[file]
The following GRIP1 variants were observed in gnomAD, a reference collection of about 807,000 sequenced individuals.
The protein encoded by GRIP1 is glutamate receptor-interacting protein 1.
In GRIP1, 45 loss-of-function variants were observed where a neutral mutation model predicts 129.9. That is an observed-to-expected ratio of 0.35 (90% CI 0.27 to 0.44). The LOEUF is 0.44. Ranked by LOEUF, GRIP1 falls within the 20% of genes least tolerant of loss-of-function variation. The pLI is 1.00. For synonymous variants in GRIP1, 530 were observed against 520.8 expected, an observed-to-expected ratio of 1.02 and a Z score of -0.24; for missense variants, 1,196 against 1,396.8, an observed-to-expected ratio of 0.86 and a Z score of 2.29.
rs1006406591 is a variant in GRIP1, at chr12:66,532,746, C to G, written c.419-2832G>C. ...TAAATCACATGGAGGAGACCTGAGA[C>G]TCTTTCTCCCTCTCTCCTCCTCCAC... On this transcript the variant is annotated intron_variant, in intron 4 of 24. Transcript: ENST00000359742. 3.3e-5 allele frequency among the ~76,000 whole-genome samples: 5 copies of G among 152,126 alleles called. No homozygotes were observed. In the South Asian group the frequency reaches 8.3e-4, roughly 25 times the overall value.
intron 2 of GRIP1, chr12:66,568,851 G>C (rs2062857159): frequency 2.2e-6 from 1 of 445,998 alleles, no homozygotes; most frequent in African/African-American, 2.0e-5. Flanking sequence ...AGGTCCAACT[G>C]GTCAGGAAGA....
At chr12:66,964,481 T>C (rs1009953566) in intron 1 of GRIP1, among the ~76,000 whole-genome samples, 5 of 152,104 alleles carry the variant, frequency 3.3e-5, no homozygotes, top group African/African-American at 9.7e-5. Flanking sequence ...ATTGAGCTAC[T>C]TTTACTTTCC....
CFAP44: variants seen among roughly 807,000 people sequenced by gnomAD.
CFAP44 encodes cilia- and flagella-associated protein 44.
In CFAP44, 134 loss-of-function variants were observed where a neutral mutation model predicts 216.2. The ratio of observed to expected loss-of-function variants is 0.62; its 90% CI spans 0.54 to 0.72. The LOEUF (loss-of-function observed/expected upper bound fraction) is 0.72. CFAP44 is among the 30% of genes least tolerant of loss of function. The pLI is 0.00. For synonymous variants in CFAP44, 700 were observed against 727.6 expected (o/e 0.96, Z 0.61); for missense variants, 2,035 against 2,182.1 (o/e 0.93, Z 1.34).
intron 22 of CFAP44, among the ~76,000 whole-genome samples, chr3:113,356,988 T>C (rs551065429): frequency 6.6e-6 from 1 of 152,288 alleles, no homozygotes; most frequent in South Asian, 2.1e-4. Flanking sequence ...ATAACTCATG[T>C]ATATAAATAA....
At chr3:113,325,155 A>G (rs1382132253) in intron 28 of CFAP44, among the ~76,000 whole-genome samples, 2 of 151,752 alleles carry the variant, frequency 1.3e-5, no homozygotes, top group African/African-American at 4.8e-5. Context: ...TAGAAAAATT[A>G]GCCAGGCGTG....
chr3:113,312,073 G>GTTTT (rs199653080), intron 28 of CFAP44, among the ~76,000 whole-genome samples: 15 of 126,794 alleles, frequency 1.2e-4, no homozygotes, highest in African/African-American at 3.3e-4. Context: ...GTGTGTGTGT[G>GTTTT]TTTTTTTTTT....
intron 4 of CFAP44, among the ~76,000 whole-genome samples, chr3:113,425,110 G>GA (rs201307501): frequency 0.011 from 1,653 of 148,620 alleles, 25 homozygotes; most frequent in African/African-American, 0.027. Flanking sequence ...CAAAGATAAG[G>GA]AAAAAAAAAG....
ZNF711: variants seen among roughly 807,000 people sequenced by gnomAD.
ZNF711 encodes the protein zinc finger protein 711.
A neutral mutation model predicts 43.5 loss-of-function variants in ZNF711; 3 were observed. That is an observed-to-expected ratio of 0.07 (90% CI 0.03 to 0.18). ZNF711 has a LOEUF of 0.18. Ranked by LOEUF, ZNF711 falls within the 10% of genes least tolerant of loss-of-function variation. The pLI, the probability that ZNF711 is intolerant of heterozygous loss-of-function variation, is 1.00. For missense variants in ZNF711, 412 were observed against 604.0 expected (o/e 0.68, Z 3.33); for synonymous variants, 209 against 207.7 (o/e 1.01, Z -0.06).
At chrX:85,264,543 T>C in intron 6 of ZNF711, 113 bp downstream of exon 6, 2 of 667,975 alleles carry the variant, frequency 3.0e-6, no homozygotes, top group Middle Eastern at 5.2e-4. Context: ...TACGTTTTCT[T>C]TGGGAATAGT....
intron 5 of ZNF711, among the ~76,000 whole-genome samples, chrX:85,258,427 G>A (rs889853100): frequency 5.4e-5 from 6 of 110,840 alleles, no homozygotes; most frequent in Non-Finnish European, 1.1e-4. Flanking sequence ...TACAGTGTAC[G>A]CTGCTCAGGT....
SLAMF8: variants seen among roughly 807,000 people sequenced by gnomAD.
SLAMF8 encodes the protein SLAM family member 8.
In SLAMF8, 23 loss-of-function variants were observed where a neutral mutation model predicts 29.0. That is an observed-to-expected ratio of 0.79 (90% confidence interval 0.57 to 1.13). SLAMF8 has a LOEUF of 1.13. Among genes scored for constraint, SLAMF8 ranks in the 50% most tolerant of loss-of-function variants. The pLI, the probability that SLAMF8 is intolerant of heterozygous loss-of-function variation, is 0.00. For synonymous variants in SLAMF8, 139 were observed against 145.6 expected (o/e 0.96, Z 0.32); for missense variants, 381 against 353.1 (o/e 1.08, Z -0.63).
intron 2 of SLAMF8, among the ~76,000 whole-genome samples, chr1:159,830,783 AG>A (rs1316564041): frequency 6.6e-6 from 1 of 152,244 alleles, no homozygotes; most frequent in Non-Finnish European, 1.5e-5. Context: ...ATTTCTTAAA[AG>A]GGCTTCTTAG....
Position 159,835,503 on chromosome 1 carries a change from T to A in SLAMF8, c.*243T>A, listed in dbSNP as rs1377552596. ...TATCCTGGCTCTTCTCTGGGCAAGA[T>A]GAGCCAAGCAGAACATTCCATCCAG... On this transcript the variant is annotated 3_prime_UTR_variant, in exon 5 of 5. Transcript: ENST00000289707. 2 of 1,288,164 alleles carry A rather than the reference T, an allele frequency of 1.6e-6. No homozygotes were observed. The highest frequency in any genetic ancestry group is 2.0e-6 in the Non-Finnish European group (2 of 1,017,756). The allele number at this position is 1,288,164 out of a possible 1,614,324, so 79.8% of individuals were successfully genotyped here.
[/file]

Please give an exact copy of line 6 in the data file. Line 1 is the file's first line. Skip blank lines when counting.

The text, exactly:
At chr12:66,964,481 T>C (rs1009953566) in intron 1 of GRIP1, among the ~76,000 whole-genome samples, 5 of 152,104 alleles carry the variant, frequency 3.3e-5, no homozygotes, top group African/African-American at 9.7e-5. Flanking sequence ...ATTGAGCTAC[T>C]TTTACTTTCC....